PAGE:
The Textile Industry
One of the most spectacular features of the Industrial Revolution was the introduction of power-driven machinery in the textileindustries of England and Scotland. This took place between 1750 and 1800 and marked the beginning of the age of the modern factory.
Before theindustrialization of the textile industry, merchants purchased raw materials and distributed them among workers who lived in cottages on farms or in villages.
Beginningin the 1730s a number of inventors began to develop machines that took over one or more of the hand-knitting operations previously used in the productionof textiles.
John Kay invented the first flying shuttle in 1733. This machine consisted of a large frame to which was suspended a series of threads through which ashuttle carrying more thread could be passed. Over the next half century, other machines were developed that further mechanized the weaving of cloth. Theseincluded the spinning jenny, the water frame, the spinning mule, the power loom, and the cotton gin.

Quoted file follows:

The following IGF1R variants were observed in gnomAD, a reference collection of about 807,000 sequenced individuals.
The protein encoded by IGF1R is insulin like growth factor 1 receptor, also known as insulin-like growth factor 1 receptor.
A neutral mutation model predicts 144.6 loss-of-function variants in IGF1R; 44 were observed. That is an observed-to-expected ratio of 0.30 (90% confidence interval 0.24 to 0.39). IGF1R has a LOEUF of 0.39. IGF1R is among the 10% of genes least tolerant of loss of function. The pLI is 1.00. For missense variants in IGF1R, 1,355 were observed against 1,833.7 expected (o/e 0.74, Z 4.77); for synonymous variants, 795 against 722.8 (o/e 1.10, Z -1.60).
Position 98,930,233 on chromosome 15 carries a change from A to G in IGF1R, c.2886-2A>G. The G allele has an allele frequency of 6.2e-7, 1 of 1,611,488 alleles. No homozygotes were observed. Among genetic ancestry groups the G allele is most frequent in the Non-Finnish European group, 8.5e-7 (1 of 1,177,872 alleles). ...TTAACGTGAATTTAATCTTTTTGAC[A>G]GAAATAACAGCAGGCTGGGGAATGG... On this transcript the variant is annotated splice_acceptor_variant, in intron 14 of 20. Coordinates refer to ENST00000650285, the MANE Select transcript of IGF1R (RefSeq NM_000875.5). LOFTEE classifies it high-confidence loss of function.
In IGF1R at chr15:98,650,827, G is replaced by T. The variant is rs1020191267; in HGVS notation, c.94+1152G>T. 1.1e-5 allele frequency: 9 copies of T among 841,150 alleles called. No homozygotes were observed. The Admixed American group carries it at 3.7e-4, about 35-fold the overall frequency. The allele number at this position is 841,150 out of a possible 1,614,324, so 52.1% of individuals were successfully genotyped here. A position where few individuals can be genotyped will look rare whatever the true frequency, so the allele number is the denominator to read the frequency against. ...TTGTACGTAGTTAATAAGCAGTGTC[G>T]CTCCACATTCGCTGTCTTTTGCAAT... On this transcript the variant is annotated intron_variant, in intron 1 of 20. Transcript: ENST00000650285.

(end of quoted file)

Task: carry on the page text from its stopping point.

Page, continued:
The development of new technology in the textile industryhad a ripple effect on society. As cloth and clothing became more readily available at more modest prices, the demand for such articles increased. Thisincrease in demand had the further effect, of course, of encouraging the expansion of business and the search for even more efficient forms of technology."Industrial Revolution - The Textile Industry." Web. 21 Sept. 2010. <http://science.jrank.org/pages/3571/Industrial-Revolution-textile-industry.html>.
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